Knack for scroll art turns hobby into a business


August 06, 2002|By Dana Klosner-Wehner | Dana Klosner-Wehner,SPECIAL TO THE SUN

WHAT STARTED as a hobby for Owen Brown resident Gordon Spencer has grown into a business that keeps him busy six hours a day and takes him and his wife, Peggy, to craft fairs all over the state.

His intricate woodworking designs - known as scroll art because of the scroll saw used to create it - can also be seen on the walls and tables of local merchants.

The pieces range from the complex and detailed, such as that of a wolf drinking from a pond with his reflection looking back at him, to the more simple face of a dog.

"There are so many cuts in the wood in the wolf piece that it would bend and break if it weren't framed," Gordon Spencer said. It takes 15 hours to make. The popular dog faces take about an hour and a half to complete.

His inventory of 350 "stock" pieces includes 45 breeds of dogs, portraits of famous people - everyone from the Beatles to the Fonz - and many animals. Prices for the pieces start at $15.

Peggy Spencer fills in with her woodworking, which she says is simpler than her husband's. She makes children's puzzles and lawn ornaments. She also made a 30-inch mouse for a friend.

Together, they named their company Pegos Scroll Saw Art - Pegos combines their first names and the first letter of their last name.

The interest in woodwork started two years ago with a home improvement project. The groundwork for the business was laid shortly after.

"I was working full time and Gordon was home," Peggy Spencer said. "I wanted ceramic tiles on the kitchen wall, so I bought Gordon a Dremel saw for Christmas."

He started experimenting with the hand-held saw but then wanted a bigger saw so he could improve his artwork, she said.

That's when Peggy, whose father was a woodworking buff, bought the scroll saw, which takes up nearly half of the couple's living room.

"As soon as I got the saw, I started picking up magazines and books and getting patterns wherever I could," Gordon said. "The first thing I made was two penguins to send to Peggy's sister."

"He has such a knack for it," Peggy said. "Once he got started, he couldn't stop. Some days, I would come home and he would have four new pieces made. Some days, there would be 12. It got to be where there was just no more room in the house."

Added her husband: "I sent lots of things to relatives and friends. But I think they got sick of seeing the packages arrive in the mail."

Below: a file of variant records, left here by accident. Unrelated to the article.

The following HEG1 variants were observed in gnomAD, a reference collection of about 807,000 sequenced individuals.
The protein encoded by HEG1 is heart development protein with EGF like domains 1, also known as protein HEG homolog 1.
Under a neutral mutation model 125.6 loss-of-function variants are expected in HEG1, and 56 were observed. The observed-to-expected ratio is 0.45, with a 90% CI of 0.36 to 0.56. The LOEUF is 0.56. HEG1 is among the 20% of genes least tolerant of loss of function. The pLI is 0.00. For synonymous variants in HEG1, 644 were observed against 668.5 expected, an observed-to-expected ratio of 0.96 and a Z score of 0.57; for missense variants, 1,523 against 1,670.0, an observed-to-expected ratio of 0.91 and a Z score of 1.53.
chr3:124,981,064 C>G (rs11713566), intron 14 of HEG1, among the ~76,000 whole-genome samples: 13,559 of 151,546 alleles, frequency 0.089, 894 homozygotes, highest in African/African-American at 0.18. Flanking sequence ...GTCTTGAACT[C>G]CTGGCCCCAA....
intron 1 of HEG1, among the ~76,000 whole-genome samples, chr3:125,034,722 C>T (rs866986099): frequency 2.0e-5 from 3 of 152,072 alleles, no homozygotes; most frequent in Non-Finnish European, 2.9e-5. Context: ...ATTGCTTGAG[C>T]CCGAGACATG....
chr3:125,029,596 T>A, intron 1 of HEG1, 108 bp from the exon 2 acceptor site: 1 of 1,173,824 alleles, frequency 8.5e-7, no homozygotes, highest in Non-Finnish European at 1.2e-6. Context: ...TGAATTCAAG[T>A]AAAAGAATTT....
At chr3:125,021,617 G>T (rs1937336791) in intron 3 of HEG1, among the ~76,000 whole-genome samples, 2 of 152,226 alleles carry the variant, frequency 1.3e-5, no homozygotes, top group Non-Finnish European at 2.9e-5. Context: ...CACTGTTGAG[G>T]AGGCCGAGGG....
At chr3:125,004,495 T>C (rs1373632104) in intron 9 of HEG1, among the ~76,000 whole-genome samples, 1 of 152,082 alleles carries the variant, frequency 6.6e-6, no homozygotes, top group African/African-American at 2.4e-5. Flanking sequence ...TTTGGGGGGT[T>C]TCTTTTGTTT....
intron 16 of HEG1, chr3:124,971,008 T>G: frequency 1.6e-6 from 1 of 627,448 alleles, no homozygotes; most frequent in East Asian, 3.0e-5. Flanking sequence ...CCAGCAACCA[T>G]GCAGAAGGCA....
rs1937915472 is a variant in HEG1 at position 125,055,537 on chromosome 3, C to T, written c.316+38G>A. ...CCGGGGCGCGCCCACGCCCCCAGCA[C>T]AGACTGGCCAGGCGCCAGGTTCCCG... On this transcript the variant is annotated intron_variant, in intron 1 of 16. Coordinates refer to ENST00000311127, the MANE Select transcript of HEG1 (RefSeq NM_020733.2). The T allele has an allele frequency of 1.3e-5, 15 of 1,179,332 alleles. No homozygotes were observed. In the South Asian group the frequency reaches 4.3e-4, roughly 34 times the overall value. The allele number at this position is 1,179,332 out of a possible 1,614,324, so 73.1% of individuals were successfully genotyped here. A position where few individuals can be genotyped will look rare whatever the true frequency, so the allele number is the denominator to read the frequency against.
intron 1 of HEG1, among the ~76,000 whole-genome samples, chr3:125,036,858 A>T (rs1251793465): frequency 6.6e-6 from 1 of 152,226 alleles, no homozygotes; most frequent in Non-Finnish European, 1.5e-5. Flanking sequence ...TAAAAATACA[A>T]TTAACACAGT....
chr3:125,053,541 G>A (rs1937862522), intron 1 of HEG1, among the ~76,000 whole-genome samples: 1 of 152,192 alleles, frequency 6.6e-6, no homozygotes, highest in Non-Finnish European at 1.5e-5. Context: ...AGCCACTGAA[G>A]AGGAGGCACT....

That's when Peggy suggested that he try to sell his work. Now, the couple run a booth at least twice a month at summer craft fairs. At other times during the year, they can be seen at Christmas fairs and school fairs.

Gordon gets his inspiration in many ways.

"Sometimes I'll just see something like an animal and I'll wonder how to make it," he said. "Sometimes I look at the grain in the wood and think about what to make with it. Or I'll see a frame and have an idea of what would look good in it."

The couple are always scouring woodworking magazines looking for new patterns and ideas.

Their work is displayed at the Blue Cow Cafe in Oakland Mills, Famous Dave's Restaurant in Columbia Crossing and Sonoma's Bar & Grille in Owen Brown Village Center.

"Scroll art really brings us closer as a couple," said Peggy Spencer. "We are both excited about it. We're always talking about new things we can make, or new ways to do things."

Information on scroll art: Scrollsaw Association of the World,

School supplies needed

"Prepare for Success" is collecting school supplies for needy children in Howard County. Christ Episcopal Church in Owen Brown coordinates the community program.

For the second year, the church is working in conjunction with organizations including the National Council of Jewish Women, Howard County government, Sherriff's Community Services and the Columbia Association.

Last year, the program gave school supplies to 1,200 children. This year's goal is to help 1,500 children, said Mike Clark, program coordinator and a church staff member.

"Our goal is that every child, no matter what their family's income, starts school on an equal footing," Clark said.

Collection boxes are at all Howard County libraries and the Columbia village centers.

Supplies needed include three-ring binders, 24-pack crayons, highlighters, pencil boxes and colored pencils. This year, L.L. Beach donated 100 backpacks. An $8,000 grant enabled the group to buy an additional 1,000 backpacks.

"Because of this effort, some child will walk around school with a backpack filled with supplies that he otherwise may not have had," Clark said.

The donation boxes will be collected Aug. 15.

Information or to make a donation: Mike Clark, 410-309-9695.

Children's clothes swap

Long Reach Community Association's Kids' Clothes Swap is scheduled from 8 a.m. to 1 p.m. Sept. 21 on the parking lot of the village center. This is an opportunity to buy and sell used children's items, such as clothes, toys and furniture.

Those interested in selling items can register at Stonehouse in the village center. The fee is $15 a space.

Information 410-730-8113.

Baltimore Sun Articles
Please note the green-lined linked article text has been applied commercially without any involvement from our newsroom editors, reporters or any other editorial staff.